Lorna deBlicquy

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Lorna Vivian deBlicquy

Lorna Vivian deBlicquy (1931–2009) was a pioneering female Canadian aviator who flew for over 50 years, becoming Canada's first woman civil aviation flight test inspector.[1] She contributed significantly to improve conditions for working women pilots.[2] In 2014, she was posthumously inducted into Canada's Aviation Hall of Fame.[3]

Early life and education[edit]

Born on 30 November 1931 in Blyth near Goderich, Ontario, Lorna Vivian Morcombe was the daughter of Vivian Morcombe, a bank manager, and Nora Eileen Bray. She was the youngest of the family's four children.[3][4] When she was 14, she moved with her family to Ottawa, where she learnt to fly in a Piper J-3 Cub at the Atlas Aviation Flying School, obtaining her private pilot licence when she was 16.[3] In parallel, she joined the Ottawa Parachute Club. Not only was she their youngest member but, when 16, she was the first woman to make a parachute jump.[4]


In the 1940s, deBlicquy had multiple jobs to pay for her flight lessons which included working at a movie theater and for the Royal Canadian Air Force.[5] In 1952, while studying at Ottawa's Carleton University she qualified for a commercial license and took work at Spartan Air Services as a navigation clerk.[3] The following year she graduated with a B.A. and married fellow student Tony Nichols, a geologist. When her husband found a job in northern Manitoba, they moved to the area near Thomson.[4]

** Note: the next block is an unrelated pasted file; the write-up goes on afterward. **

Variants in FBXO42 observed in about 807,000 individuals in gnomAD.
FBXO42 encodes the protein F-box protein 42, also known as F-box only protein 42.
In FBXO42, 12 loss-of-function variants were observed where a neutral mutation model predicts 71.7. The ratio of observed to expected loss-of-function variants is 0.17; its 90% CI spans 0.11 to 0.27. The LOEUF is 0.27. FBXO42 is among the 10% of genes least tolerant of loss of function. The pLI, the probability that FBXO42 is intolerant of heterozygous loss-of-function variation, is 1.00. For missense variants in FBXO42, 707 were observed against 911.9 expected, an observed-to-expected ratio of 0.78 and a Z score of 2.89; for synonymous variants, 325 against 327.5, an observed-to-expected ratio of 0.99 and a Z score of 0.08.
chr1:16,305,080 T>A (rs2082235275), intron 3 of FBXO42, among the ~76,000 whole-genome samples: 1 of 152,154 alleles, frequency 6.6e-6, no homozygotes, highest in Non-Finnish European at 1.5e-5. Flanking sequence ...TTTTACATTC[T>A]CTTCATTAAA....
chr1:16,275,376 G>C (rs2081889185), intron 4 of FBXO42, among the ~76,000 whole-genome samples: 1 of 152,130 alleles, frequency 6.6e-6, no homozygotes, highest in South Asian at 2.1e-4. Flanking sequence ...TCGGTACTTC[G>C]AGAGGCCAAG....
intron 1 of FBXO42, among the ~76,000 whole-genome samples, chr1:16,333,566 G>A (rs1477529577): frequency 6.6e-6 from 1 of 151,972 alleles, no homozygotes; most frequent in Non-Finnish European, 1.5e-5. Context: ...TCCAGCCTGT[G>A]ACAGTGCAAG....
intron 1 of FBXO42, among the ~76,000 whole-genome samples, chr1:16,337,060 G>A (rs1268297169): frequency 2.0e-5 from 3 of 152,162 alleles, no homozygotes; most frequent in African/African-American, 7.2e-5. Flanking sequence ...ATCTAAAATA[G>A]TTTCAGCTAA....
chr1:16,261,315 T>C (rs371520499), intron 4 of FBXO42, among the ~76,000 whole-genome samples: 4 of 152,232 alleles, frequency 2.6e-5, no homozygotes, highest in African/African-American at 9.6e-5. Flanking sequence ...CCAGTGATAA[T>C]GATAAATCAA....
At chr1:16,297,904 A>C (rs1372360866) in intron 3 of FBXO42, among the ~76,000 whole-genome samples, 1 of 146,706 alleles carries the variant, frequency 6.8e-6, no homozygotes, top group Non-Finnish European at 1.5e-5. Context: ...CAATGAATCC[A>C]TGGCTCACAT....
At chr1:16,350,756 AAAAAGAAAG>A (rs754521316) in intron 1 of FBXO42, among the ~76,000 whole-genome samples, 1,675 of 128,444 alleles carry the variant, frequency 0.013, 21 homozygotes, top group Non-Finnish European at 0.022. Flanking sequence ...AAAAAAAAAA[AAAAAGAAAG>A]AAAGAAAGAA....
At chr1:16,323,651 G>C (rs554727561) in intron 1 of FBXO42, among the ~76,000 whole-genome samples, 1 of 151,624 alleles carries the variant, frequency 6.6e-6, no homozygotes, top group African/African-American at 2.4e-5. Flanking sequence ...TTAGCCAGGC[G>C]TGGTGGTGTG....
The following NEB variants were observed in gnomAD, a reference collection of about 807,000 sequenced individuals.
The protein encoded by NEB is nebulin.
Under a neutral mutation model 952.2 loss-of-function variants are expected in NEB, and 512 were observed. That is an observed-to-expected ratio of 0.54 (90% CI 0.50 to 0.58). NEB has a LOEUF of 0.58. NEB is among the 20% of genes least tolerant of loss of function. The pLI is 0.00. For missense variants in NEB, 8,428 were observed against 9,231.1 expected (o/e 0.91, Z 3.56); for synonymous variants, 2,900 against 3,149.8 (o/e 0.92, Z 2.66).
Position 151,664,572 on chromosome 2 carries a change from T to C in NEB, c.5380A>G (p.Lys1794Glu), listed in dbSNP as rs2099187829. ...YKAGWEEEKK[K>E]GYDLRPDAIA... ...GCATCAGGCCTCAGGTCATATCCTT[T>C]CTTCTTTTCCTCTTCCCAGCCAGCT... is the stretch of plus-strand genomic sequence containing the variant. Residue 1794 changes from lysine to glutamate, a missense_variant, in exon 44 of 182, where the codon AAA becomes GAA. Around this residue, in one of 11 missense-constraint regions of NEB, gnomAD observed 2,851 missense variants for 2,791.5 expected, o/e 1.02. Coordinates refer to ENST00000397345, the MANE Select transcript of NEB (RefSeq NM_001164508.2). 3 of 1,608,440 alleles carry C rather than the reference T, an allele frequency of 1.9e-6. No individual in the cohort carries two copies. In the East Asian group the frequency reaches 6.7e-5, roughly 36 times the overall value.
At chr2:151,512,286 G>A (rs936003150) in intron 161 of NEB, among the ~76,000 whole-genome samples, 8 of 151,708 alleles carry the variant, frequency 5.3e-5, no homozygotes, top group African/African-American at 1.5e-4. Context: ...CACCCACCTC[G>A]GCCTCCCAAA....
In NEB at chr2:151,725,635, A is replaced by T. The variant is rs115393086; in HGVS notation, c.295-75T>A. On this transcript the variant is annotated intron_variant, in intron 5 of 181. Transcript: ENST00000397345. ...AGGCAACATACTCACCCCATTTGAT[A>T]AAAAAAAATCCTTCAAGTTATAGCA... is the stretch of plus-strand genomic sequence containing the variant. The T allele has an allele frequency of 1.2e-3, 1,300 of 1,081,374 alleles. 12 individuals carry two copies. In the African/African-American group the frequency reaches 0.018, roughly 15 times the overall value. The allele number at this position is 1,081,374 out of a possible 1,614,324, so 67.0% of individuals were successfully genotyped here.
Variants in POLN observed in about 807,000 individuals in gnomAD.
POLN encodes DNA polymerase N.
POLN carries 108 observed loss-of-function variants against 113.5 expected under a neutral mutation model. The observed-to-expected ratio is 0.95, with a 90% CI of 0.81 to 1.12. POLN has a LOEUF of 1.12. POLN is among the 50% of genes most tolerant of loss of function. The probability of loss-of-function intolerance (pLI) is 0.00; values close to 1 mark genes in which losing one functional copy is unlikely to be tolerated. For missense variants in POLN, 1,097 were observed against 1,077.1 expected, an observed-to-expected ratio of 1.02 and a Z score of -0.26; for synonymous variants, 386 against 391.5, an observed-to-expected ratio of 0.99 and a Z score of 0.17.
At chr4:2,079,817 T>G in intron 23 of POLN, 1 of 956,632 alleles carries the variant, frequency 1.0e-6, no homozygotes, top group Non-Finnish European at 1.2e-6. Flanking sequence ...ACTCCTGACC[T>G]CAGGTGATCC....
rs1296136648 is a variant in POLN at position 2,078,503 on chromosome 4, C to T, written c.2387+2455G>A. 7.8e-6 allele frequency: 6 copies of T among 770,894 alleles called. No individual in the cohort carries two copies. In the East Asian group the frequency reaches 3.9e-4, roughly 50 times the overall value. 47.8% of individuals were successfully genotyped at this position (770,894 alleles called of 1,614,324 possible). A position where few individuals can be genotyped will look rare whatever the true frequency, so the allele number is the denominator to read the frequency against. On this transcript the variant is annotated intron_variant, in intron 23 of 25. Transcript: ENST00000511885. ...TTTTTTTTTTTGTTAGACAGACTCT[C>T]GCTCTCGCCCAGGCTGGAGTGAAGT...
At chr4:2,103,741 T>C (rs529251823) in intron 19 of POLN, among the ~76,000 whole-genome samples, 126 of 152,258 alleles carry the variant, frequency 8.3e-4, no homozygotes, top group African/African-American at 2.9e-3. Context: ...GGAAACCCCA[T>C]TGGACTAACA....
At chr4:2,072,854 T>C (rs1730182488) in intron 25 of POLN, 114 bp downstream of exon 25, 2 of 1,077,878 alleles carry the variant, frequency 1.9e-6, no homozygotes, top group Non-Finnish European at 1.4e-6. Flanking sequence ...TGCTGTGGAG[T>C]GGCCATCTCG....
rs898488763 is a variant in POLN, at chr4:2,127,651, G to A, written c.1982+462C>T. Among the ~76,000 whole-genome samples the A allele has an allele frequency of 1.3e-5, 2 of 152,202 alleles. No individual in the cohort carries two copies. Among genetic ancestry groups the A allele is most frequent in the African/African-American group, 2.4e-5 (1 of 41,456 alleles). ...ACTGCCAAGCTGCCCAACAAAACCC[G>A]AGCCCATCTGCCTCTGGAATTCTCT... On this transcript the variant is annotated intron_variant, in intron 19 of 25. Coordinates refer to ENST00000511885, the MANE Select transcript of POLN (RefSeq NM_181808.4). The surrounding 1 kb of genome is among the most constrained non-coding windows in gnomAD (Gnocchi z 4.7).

Lorna Nichols was one of the first professional pilots in Manitoba when she flew a Waco biplane for Taylor Airways of Wabowden. She transported passengers such as diamond drillers, fishermen and inspectors to their remote destinations while flying supplies to the northern reserves. In 1956, the couple moved to Sudbury in northern Ontario where Lorna taught English at high school. On becoming a Class III flight instructor, she worked part-time for Sudbury Aviation teaching students to fly.[4][3]

After her marriage with Nichols ended in 1962, Lorna moved to Ottawa where she became a flight instructor for Bradley Air Services while raising her flight instructor status to Class II at Kingston Flying Club. It was there she met Dick deBlicquy, an experienced pilot who sometimes flew in the Arctic and sometimes piloted helicopters in New Zealand. They two married in 1963 and spent the next two winters in New Zealand where Lorna served as a flight instructor at the Wellington and Marlborough clubs. She also took up gliding.[4][3]

On their return to Ottawa, their daughter Elaine was born in 1966. In 1967, they moved to Resolute Bay where Lorna worked for Atlas Aviation, flying a de Havilland Beaver.[4] In 1970, Lorna earned a commercial helicopter licence flying a Bell 47 and qualified as a Class I flight instructor. She also won an Amelia Earhart Award from the Ninety-Nines, an international women pilots organization.[3]